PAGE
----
Janeri is a shelf which is commonly built near the chulha (hearth) in the kitchen space. It is used to place utensils like plates, jugs, bowls which were used frequently while cooking or serving food.  Admixture of mud, hay and cow dung is used to make janeri. 

Mud relief patterns are made on the borders of the janeri by the women.

Janeri (Shelf)Design Innovation and Craft Resource Centre, CEPT University

A two-dimensional drawings of janeri.

Beel (Shelf)Design Innovation and Craft Resource Centre, CEPT University

Beel

Beel is an in-built shelf made by the women of the family in the vernacular homes of Marwar region, especially Barmer and Jaisalmer districts. It is used for storing utensils and other household objects. It is made using an admixture of mud, dung and hay, and wood. A series of shelves are made from wood planks and wooden twigs are used to make the vertical members. The basic structure was then plastered with an admixture of mud, dung and hay. 

Beel (Shelf)Design Innovation and Craft Resource Centre, CEPT University

This beel was made by Premdevi about forty years ago. It has an aada (in-built cabinet) in the centre with a wooden lockable shutter. It is painted with pink distemper paint every diwali along with the other furniture items of the house.

Beel (Shelf)Design Innovation and Craft Resource Centre, CEPT University

A two-dimensional drawing of beel.

Beel (Shelf)Design Innovation and Craft Resource Centre, CEPT University

A three-dimensional drawing of the beel was made to understand the construction and making of the furniture.

Haara (Hearth)Design Innovation and Craft Resource Centre, CEPT University

Vernacular objects crafted by women

Apart from the furniture, women across the north-west region of India handcraft various objects like chulha & haara (hearth), angeethi (hearth). These objects are made using a mixture of mud, hay and cow dung. Sometimes, relief patterns are made on the surface of the hearths using tips of the fingers as per the aesthetic understanding of the women making it. 

Chulha (Hearth) Chulha (Hearth)Design Innovation and Craft Resource Centre, CEPT University

Chulha

A chulha (hearth) is the most commonly made object across the north-west region. It is an in-built hearth used for cooking food by the women across the region. It is made using the admixture of mud, hay and cow dung.  Dry sticks and branches are used as fuel while cooking food on chulha. 

Haara (Hearth)Design Innovation and Craft Resource Centre, CEPT University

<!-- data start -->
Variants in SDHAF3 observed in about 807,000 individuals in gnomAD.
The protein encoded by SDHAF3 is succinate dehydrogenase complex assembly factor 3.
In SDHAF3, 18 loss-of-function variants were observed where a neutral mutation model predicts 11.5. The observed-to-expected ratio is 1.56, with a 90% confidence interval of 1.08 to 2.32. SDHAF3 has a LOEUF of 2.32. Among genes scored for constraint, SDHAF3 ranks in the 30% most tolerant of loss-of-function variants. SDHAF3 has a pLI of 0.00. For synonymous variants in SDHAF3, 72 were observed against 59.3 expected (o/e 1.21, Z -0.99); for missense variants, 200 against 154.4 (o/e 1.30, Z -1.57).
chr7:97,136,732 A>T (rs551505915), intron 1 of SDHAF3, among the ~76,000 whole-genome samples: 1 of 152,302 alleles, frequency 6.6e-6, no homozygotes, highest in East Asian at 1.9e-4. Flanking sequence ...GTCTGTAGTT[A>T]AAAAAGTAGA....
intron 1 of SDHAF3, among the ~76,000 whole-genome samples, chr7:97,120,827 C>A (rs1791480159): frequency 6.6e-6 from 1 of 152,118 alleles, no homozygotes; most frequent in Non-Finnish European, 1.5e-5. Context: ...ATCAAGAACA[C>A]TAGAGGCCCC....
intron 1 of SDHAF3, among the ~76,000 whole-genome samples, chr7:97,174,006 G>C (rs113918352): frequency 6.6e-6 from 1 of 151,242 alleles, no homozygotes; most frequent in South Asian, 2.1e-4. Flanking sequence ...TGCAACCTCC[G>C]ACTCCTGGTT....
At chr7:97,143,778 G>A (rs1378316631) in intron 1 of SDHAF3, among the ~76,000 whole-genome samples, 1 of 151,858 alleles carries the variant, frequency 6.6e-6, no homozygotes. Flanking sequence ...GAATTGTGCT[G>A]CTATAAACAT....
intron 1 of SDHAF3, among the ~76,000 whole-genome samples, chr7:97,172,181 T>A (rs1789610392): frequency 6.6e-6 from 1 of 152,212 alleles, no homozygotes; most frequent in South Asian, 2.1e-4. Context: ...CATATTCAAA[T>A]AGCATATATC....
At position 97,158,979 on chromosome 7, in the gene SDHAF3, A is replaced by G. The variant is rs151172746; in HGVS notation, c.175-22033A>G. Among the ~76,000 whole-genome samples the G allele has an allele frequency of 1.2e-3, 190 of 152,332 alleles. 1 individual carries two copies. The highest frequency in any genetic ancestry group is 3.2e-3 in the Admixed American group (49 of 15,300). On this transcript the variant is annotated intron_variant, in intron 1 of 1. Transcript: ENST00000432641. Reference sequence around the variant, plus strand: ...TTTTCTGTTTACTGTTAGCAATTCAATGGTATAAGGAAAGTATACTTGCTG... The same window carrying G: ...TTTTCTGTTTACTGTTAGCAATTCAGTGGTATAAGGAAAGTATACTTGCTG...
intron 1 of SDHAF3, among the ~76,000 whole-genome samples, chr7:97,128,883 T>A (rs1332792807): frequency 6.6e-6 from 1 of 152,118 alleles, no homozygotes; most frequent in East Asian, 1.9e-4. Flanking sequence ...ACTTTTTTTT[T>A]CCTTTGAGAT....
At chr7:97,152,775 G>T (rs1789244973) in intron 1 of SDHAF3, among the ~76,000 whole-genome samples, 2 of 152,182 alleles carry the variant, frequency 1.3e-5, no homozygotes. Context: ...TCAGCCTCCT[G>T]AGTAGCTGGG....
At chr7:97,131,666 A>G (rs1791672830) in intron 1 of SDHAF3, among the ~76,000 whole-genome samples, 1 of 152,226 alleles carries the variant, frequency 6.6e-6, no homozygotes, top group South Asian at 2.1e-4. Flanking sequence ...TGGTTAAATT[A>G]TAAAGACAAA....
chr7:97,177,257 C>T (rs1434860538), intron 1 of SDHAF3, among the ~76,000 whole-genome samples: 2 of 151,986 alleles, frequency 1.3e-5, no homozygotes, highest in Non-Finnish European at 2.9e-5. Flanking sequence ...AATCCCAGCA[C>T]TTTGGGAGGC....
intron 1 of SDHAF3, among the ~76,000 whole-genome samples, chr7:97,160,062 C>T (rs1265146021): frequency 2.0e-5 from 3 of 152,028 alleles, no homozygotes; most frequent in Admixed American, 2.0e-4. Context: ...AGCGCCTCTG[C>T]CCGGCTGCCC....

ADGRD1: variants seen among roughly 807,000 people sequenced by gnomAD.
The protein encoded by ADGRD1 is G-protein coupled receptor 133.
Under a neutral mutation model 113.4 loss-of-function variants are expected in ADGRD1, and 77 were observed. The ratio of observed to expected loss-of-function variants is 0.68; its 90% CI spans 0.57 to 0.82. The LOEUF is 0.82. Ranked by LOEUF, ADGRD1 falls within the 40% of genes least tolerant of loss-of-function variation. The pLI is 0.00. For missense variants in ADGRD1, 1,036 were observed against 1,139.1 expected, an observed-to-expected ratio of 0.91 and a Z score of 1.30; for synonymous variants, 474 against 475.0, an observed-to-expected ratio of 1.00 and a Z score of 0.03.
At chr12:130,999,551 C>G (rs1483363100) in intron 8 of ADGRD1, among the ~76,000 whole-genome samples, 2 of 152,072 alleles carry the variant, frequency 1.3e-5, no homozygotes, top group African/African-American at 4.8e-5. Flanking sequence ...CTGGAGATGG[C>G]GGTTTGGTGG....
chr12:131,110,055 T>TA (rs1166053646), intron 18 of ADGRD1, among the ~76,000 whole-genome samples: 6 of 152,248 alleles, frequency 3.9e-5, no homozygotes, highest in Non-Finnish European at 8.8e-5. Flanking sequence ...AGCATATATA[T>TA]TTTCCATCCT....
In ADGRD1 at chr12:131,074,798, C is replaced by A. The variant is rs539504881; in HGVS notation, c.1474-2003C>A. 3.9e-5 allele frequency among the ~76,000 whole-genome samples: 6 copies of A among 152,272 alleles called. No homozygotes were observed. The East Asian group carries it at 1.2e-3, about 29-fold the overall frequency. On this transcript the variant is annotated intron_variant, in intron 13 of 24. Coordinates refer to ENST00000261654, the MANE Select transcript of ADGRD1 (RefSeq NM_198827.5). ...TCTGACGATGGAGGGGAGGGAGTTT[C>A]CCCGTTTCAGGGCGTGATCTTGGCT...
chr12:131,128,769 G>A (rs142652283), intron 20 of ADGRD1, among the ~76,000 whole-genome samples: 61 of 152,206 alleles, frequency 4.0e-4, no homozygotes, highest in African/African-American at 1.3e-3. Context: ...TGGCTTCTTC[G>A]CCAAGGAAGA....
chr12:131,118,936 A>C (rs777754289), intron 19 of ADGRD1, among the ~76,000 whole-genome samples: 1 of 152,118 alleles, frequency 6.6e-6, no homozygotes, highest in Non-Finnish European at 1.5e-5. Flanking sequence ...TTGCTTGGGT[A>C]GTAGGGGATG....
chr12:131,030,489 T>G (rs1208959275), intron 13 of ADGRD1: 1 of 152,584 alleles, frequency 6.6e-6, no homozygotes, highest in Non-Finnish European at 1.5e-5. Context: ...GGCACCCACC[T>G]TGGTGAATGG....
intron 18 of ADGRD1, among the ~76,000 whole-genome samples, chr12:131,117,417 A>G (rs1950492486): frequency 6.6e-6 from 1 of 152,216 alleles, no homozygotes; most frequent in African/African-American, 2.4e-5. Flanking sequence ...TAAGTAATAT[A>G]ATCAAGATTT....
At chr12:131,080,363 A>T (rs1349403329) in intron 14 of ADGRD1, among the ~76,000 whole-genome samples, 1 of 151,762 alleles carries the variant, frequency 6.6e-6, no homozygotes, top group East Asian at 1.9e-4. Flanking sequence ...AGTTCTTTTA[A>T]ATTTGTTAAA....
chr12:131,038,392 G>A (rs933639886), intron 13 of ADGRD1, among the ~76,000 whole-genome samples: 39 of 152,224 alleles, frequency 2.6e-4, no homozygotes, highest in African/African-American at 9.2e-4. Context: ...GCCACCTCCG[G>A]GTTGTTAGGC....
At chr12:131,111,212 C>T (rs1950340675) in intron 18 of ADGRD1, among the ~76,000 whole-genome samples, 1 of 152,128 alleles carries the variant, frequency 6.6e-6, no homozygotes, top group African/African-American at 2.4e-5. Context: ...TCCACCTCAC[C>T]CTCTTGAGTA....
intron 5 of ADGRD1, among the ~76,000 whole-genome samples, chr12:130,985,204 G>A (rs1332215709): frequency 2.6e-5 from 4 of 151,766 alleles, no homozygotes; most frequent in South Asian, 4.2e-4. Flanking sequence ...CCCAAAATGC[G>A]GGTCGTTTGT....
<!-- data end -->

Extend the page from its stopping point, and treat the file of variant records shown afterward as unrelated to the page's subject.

Haara

A haara is an in-built or portable hearth used especially for boiling milk made by the women in the states of Punjab and Haryana.  A vessel filled with milk is kept in this haara from morning till evening to boil milk. As the milk heats slowly on a constant low flame, the milk becomes more flavourful and its aroma intensifies than the milk quickly boils on the stove.

Angeethi (Hearth)Design Innovation and Craft Resource Centre, CEPT University

Angeethi

Angeethi is a portable hearth used to warm up a space and also to heat water during winters. Though angeethi is made in various forms, it is usually made using an inverted broken pot as formwork. Dung cakes are put inside and lit to generate warmth. This angeethi was recorded in the courtyard of a residence.

Credits: Story

The research on this story was conducted as part of the Vernacular Furniture of North-West India project, a collaborative research project conducted between 2015 - 2021 by the Design Innovation and Craft Research Centre (DICRC), CEPT University, Ahmedabad, and the South Asian Decorative Arts and Crafts Collection Trust (SADACC), Norwich, UK.

The research on the vernacular furniture of Gujarat, Rajasthan, Punjab and Haryana is presented in the following publications:
1. Sahaj: Vernacular Furniture of Gujarat, co-authored by Mitraja Bais, Jay Thakkar, Samrudha Dixit and Ben Cartwright
2. Catalogue of Vernacular Furniture: Gujarat, co-authored by Mitraja Bais, Jay Thakkar, Samrudha Dixit, Ben Cartwright and Mansi S Rao.
3. Anaikya: Vernacular Furniture of Rajasthan, co-authored by Mansi S Rao, Samrudha Dixit and Ben Cartwright
4. Catalogue of Vernacular Furniture: Rajasthan, co-authored by Mansi S Rao, Samrudha Dixit and Ben Cartwright
5. Catalogue of Vernacular Furniture: Punjab, co-authored by Rishav Jain, Mansi S Rao, Ben Cartwright and Abhishek Ruikar
6. Catalogue of Vernacular Furniture: Haryana, co-authored by Mansi S Rao, Rishav Jain, Ben Cartwright and Radha Devpura

This story has been compiled by Mansi S Rao and Radha Devpura.

For more information on the Vernacular Furniture of India, please visit: www.vernacularfurnitureofindia.com

Credits: All media
The story featured may in some cases have been created by an independent third party and may not always represent the views of the institutions, listed below, who have supplied the content.